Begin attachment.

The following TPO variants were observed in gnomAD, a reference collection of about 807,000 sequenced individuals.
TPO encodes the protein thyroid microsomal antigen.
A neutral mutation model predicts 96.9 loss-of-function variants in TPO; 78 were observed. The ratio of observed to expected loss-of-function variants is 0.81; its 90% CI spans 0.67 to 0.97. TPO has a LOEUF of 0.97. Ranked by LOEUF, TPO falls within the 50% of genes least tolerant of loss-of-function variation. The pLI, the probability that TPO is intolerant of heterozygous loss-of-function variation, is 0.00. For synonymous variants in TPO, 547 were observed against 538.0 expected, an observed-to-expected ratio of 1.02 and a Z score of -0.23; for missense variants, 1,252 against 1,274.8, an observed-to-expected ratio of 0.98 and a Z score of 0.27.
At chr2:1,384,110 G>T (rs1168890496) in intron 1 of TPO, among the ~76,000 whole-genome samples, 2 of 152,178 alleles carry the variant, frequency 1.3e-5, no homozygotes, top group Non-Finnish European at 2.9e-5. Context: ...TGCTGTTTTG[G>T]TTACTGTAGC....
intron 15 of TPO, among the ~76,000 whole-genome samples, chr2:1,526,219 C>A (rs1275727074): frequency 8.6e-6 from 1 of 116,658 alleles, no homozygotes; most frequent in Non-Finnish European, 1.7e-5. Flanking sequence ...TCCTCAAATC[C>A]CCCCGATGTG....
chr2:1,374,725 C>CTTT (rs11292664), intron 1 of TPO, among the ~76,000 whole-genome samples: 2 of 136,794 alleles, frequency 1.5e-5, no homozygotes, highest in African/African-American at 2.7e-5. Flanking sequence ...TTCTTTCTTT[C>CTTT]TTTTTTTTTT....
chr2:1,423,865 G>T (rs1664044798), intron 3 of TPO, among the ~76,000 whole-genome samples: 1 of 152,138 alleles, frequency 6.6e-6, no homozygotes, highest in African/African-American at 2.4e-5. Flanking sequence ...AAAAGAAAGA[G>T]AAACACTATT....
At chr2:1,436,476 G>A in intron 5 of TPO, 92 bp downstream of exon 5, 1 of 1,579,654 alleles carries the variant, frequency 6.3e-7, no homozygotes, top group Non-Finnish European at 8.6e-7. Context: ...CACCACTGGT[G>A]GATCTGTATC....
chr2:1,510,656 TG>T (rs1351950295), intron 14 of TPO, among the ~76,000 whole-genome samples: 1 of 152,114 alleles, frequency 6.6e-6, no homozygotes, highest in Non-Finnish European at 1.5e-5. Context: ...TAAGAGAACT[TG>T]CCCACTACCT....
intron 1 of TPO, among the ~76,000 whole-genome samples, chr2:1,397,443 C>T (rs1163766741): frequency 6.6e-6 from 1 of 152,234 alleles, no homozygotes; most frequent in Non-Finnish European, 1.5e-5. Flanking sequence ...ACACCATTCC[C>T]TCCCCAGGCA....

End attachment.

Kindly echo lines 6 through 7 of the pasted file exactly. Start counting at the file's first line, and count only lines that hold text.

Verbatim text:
chr2:1,374,725 C>CTTT (rs11292664), intron 1 of TPO, among the ~76,000 whole-genome samples: 2 of 136,794 alleles, frequency 1.5e-5, no homozygotes, highest in African/African-American at 2.7e-5. Flanking sequence ...TTCTTTCTTT[C>CTTT]TTTTTTTTTT....
chr2:1,423,865 G>T (rs1664044798), intron 3 of TPO, among the ~76,000 whole-genome samples: 1 of 152,138 alleles, frequency 6.6e-6, no homozygotes, highest in African/African-American at 2.4e-5. Flanking sequence ...AAAAGAAAGA[G>T]AAACACTATT....